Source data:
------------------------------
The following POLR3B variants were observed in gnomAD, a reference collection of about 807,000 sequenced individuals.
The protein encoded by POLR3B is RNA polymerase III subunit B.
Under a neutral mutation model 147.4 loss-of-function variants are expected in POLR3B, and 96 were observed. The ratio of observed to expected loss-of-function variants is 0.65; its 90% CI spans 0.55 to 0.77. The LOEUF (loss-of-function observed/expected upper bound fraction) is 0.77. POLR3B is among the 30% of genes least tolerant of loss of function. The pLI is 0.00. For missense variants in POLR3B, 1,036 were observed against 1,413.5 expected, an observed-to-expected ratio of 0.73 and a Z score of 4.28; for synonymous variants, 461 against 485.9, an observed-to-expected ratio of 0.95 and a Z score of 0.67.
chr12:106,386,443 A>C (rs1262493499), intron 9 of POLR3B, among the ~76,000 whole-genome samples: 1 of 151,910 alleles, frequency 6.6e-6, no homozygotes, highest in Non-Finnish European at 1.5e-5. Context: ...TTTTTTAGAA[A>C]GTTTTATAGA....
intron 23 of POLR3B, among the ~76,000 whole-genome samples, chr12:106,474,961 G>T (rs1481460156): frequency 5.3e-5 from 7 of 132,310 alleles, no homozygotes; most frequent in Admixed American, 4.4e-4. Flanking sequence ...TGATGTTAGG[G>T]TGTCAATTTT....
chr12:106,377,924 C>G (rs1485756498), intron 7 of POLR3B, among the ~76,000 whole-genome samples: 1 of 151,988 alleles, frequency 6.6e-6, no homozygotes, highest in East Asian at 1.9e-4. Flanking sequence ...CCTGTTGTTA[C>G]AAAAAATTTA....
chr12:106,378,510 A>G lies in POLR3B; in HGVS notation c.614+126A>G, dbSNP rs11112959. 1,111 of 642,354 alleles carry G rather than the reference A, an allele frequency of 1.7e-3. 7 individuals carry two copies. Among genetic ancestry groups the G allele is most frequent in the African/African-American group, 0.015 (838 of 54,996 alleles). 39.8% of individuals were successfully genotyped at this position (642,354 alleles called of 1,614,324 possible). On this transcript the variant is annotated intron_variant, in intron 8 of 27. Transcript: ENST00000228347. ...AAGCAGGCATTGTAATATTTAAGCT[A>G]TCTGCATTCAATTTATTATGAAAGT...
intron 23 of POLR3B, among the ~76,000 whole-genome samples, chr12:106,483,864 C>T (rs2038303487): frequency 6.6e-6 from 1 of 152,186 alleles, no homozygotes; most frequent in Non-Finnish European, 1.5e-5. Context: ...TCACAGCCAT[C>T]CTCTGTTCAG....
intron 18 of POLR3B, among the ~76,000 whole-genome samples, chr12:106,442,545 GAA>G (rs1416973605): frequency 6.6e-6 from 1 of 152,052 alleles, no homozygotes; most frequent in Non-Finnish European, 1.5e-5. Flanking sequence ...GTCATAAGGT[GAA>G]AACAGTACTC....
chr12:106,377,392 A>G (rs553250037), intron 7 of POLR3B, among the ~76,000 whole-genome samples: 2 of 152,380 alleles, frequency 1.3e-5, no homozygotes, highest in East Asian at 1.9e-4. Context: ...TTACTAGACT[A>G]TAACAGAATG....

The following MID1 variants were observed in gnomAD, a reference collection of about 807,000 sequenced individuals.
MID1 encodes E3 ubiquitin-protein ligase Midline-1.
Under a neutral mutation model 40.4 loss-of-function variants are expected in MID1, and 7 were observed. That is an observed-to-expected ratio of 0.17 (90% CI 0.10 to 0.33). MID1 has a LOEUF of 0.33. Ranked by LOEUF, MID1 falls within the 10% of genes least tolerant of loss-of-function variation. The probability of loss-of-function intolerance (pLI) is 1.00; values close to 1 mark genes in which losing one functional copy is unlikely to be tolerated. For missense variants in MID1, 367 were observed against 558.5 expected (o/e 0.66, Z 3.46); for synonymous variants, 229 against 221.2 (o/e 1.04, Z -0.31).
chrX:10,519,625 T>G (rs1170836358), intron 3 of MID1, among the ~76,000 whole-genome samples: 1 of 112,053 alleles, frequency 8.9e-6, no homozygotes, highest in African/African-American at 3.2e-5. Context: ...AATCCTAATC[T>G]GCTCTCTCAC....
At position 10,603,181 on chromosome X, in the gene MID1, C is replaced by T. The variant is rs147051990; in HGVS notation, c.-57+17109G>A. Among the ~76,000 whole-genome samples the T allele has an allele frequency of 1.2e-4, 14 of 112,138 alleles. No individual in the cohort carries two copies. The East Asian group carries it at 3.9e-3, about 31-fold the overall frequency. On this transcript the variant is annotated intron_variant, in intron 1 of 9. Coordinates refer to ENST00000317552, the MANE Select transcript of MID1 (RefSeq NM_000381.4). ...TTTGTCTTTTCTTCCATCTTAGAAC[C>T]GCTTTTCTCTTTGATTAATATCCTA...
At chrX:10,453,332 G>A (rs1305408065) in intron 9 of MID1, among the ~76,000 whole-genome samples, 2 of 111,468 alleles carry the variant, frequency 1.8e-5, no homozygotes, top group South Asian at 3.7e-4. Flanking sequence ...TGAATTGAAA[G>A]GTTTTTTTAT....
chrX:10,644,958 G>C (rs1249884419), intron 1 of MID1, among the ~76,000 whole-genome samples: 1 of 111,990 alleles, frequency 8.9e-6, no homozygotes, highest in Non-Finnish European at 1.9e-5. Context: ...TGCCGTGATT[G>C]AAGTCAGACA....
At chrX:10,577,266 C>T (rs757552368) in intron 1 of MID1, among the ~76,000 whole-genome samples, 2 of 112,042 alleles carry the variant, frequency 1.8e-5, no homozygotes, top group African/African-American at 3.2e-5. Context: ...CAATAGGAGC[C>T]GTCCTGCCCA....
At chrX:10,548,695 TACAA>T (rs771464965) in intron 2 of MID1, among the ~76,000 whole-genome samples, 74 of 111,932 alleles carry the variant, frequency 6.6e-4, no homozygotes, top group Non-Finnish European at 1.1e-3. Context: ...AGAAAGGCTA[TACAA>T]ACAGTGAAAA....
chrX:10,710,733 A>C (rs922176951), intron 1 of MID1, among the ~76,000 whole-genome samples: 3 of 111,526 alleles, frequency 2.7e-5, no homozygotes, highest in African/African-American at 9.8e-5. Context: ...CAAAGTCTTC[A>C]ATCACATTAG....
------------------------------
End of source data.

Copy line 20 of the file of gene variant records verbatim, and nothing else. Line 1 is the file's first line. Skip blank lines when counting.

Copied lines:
chrX:10,710,733 A>C (rs922176951), intron 1 of MID1, among the ~76,000 whole-genome samples: 3 of 111,526 alleles, frequency 2.7e-5, no homozygotes, highest in African/African-American at 9.8e-5. Context: ...CAAAGTCTTC[A>C]ATCACATTAG....